[SciPy-user] Array Bounds
Fri Mar 9 21:59:55 CST 2007
On Mar 9, 2007, at 10:57 AM, Lorenzo Isella wrote:
> Dear All,
> Again a newbie question: I noticed that Python (or at least
> Numpy/Scipy) follows the C convention of labeling as zero the first
> element in an array.
> I can live with this, but I do not find very intuitive the loop
> for i in range (1,5 )
> means that i actually takes values 1,2,3,4 and not 5!
> Why this choice? Is it a consequence of the array labeling? In case
> one should not like it, can it be changed by the user?
> Kind Regards
Your reaction is quite common for those coming from a language that
uses 1-based indexing. But keep in mind there are also advantages for
0-based indexing that you aren't aware of since you haven't used it.
There are pros and cons to both (and yes, I've used both). Since
Python uses 0-based, it generally isn't a good idea to adopt
different conventions than the language uses for arrays. It may make
your array usage more comfortable, but will lead to all sorts of
problems when you use Python lists and tuples. (Note that you mention
arrays, but your example is actually due to Python list behavior and
the built-in range function, which has nothing to do with numpy; in
principle array indexing behavior could be made different than Python
list indexing behavior, but that would be a really bad thing to do).
Actually, your complaint is not directly due to that issue (though
it's related). As I read it, it's because you are surprised that the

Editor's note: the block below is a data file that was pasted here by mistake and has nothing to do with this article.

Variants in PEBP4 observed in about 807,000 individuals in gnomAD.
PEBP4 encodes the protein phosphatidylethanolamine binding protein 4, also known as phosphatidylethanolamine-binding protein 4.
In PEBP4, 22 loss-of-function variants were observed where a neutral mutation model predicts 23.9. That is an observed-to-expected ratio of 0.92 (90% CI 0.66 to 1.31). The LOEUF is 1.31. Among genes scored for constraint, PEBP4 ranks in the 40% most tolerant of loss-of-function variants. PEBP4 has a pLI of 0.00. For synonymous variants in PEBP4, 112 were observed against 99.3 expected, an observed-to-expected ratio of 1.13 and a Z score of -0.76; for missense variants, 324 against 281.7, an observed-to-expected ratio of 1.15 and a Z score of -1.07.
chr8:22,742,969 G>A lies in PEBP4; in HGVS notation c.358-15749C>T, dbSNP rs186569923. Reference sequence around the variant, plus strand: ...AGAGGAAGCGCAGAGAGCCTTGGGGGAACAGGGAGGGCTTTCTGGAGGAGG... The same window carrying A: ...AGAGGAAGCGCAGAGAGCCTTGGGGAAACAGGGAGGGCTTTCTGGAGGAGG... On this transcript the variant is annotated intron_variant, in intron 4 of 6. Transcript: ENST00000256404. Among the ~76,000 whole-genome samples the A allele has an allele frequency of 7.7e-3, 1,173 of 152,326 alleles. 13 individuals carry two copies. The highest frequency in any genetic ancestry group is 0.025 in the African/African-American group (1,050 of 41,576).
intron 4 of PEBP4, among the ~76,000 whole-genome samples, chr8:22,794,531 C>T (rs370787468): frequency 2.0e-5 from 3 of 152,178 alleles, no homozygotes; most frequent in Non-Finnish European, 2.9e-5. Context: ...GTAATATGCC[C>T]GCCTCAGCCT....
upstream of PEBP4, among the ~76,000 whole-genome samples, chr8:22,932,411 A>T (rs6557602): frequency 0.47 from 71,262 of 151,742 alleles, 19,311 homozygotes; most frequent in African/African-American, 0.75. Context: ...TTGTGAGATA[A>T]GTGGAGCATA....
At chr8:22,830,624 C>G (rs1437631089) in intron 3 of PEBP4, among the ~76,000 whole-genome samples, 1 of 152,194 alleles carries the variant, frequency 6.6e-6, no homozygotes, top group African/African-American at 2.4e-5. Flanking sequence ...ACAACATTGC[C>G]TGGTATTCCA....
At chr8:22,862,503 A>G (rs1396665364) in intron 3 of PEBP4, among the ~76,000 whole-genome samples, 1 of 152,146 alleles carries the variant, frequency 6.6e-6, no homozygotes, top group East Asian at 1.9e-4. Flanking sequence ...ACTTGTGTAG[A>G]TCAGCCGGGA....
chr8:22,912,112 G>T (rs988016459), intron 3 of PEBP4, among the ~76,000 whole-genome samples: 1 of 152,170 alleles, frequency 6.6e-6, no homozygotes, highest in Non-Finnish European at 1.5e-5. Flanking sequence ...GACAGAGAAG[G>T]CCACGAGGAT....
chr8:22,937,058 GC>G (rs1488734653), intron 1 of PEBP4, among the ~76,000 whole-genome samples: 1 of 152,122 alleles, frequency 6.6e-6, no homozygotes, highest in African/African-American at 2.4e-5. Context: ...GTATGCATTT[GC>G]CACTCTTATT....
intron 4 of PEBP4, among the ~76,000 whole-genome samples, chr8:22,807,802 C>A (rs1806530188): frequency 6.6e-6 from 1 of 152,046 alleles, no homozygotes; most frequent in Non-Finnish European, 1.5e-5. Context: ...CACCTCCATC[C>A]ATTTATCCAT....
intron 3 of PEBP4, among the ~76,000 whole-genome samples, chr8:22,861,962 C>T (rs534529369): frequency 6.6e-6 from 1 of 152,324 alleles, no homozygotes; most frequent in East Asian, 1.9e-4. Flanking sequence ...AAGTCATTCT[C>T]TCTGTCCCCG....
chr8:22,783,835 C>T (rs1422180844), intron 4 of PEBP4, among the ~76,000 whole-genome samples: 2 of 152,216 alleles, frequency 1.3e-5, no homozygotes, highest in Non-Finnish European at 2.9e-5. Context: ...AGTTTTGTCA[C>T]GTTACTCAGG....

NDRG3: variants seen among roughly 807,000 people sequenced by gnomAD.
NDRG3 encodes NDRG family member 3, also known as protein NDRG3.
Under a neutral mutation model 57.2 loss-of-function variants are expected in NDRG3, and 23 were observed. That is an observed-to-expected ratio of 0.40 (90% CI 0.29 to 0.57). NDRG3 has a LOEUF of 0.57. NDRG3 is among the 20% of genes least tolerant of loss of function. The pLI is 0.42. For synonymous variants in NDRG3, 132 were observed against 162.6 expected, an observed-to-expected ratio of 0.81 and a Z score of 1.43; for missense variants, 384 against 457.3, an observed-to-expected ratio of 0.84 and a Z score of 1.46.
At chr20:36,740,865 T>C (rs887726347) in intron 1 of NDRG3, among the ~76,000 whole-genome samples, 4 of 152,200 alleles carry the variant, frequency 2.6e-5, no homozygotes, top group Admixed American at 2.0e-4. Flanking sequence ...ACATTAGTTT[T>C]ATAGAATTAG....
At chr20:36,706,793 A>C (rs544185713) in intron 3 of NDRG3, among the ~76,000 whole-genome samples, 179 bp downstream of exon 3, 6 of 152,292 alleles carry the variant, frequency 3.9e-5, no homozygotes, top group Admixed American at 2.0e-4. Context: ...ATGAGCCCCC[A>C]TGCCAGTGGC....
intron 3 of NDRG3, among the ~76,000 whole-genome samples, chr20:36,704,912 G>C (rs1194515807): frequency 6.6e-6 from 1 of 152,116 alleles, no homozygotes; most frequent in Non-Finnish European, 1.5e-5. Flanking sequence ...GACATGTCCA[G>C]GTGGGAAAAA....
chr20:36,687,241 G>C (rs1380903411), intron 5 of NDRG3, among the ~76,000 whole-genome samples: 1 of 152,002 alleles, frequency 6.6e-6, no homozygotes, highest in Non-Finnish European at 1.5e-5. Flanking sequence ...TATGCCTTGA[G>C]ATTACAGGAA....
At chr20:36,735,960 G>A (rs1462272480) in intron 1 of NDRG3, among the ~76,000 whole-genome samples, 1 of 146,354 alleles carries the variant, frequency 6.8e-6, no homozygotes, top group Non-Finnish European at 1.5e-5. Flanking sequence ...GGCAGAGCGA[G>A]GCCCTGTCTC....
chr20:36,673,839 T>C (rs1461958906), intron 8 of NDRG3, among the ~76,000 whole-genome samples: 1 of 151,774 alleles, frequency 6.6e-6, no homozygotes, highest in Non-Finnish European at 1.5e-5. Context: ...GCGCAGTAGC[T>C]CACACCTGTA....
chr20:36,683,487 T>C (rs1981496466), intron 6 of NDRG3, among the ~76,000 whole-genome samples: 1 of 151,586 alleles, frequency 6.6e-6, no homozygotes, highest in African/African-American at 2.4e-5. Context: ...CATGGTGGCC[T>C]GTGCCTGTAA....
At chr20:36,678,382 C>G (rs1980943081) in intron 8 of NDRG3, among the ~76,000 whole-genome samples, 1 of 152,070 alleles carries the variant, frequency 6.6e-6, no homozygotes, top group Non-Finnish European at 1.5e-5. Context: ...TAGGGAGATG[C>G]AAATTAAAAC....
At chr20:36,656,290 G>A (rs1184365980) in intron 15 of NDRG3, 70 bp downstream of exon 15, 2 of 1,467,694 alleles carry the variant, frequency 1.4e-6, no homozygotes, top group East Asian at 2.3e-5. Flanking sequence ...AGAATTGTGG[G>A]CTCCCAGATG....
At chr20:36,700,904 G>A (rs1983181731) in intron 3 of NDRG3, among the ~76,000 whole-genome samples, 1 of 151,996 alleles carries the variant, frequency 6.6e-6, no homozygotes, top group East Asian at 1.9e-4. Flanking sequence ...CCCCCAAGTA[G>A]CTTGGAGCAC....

end of the range does not include the number that's used for the end
of the range. And that's a natural enough reaction. It's not
intuitive to many people. But what's intuitive is not always the best
choice. It works that way (I'm guessing here) because slices in
Python work that way (e.g., mylist[1:5] doesn't include mylist).
Ok, why don't slices work that way? For various reasons, but one is
that when you break a list into two pieces, e.g., mylist = mylist[:7]
+ mylist[7:], you don't have to worry about dealing with those
annoying +1 or -1 offsets to get things right. In this case, the
number of items sliced is simply the difference of the two indices.
It may seem like a small point, but a lot of errors arise from
getting stuff like this wrong, especially the edge cases of when the
slice point is at 0 or the end of an array. The rules Python has
chosen for this stuff are consistent, and they do work pretty well.
So it isn't the most intuitive, especially to scientific or
engineering types, but it's not that hard to get used to, and there
are definite advantages to this approach.
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